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This Web site contains a compilation of more than a thousand consumer finance  columns written by Tony Novak from the 1980s through 2006, updated and reformatted for maximum usefulness today.  New material was added after 2010.

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Employer owned life insurance

originally posted: 11/22/2006  reposted: 2/18/2011 This post has not been recently reviewed or revised by the author and may be out of date. If you notice an error or are in doubt, please send a new question by email or ask for an update. Email

Q: If a life insurance policy was purchased through an employer that went out of business and was then purchased by another insurance company should the new company contact the insured? The policy was paid up. This happened to my dad. He quit the company, no one ever gave him a copy of the policy and no statements were ever mailed out until last July, 32 years after his death. My mom and dad never knew about the policy. Should they have to pay interest?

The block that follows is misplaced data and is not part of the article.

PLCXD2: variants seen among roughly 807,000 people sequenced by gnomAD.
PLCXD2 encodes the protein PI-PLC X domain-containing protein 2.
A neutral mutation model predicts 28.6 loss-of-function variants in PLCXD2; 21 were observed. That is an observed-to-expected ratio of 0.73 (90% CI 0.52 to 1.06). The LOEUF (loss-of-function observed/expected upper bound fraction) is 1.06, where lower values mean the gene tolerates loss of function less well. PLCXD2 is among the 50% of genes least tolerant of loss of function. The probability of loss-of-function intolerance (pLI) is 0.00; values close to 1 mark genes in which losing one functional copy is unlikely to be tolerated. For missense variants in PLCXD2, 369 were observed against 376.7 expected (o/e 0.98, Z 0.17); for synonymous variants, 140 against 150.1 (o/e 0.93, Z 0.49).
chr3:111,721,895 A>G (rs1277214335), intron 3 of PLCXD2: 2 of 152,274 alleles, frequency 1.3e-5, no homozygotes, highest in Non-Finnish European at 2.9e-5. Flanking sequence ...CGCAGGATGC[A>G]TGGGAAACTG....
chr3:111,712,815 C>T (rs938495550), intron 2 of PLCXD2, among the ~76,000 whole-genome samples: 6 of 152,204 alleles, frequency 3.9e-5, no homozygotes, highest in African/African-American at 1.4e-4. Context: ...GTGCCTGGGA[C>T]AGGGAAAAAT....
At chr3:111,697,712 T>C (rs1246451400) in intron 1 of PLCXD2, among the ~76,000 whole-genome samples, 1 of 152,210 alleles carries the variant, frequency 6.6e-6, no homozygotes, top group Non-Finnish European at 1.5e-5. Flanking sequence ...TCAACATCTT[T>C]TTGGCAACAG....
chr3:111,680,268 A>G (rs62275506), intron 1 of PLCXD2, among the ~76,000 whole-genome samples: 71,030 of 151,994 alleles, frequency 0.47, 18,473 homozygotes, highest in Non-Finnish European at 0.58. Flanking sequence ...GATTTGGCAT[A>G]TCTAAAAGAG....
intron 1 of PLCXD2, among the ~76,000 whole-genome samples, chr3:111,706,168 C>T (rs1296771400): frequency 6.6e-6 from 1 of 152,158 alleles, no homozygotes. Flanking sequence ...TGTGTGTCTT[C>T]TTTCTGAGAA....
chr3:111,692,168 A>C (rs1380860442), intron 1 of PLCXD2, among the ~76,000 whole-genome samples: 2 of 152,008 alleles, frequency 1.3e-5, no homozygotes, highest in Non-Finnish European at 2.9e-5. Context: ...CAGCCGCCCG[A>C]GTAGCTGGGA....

A: No; it is common for many employers to take out life insurance on the lives of employees. The business was both the owner and the beneficiary of the policy, so the employee usually did not benefit from this arrangement. Under that laws that existed at the time, there was no requirement to notify the employee. If the business was sold, then the policy would have been transferred to the new owner in the same manner as any other business asset. It is not clear why a notice is being mailed to you now so many years later but in any case laws have changed so that employees must now be notified of insurance taken out on their lives. Ironically, employers profit from permanent-type life insurance (usually whole life or universal life insurance) on former employee while the surviving family members often suffer financially because the employee did not see the value of permanent-type life insurance when it was offered as an employee benefit.


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